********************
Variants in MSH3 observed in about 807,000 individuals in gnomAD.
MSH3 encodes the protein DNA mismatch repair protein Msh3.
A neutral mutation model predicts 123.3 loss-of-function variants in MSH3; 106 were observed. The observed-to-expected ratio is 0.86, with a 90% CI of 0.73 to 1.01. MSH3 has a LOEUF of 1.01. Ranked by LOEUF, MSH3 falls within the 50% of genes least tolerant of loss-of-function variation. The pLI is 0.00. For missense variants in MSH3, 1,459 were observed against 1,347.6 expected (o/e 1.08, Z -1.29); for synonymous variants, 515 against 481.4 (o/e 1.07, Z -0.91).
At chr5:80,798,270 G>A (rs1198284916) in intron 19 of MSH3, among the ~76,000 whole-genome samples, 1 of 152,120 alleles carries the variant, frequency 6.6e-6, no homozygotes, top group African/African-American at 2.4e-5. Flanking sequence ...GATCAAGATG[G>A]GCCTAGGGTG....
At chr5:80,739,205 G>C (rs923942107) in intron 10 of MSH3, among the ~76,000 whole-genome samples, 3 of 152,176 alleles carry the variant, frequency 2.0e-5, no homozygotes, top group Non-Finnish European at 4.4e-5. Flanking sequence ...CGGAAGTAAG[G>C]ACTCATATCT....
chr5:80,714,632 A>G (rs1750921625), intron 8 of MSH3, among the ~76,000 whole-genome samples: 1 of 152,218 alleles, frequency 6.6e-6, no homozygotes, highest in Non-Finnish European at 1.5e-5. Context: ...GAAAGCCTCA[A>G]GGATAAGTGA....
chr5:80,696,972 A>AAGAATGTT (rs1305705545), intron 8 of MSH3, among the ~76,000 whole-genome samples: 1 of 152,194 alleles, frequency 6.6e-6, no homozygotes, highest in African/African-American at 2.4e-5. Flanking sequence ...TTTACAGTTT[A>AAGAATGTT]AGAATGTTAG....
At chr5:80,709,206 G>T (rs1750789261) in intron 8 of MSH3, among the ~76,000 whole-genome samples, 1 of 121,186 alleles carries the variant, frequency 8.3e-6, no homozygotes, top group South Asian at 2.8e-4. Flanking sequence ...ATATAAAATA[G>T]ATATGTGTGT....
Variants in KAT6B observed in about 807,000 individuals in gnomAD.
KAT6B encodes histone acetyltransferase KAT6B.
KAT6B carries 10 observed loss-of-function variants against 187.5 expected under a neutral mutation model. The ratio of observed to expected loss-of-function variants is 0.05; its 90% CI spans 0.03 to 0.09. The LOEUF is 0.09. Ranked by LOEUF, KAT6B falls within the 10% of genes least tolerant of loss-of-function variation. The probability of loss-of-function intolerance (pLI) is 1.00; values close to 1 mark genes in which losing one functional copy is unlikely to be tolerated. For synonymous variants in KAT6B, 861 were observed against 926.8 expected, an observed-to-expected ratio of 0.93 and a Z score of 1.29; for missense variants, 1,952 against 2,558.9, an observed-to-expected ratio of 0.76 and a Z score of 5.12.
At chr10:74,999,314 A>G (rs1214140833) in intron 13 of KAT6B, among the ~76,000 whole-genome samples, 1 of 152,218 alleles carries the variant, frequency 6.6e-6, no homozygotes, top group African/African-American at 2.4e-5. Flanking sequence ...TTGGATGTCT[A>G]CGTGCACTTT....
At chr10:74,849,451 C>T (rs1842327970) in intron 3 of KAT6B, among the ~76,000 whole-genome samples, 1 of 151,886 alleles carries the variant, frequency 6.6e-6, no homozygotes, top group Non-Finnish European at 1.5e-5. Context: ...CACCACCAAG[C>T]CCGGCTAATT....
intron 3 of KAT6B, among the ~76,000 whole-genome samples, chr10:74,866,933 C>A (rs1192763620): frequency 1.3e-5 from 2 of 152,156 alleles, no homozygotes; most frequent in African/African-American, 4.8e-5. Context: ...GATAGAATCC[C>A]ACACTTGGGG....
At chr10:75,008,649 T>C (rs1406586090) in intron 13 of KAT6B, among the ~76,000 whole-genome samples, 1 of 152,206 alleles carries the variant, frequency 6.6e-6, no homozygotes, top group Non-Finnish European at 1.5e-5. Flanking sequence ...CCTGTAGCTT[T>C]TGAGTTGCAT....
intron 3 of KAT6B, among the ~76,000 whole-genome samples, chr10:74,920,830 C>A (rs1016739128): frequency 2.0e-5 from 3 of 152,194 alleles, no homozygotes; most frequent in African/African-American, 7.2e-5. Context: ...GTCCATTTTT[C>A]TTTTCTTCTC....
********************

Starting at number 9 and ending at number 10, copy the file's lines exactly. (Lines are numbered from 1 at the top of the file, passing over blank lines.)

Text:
Variants in KAT6B observed in about 807,000 individuals in gnomAD.
KAT6B encodes histone acetyltransferase KAT6B.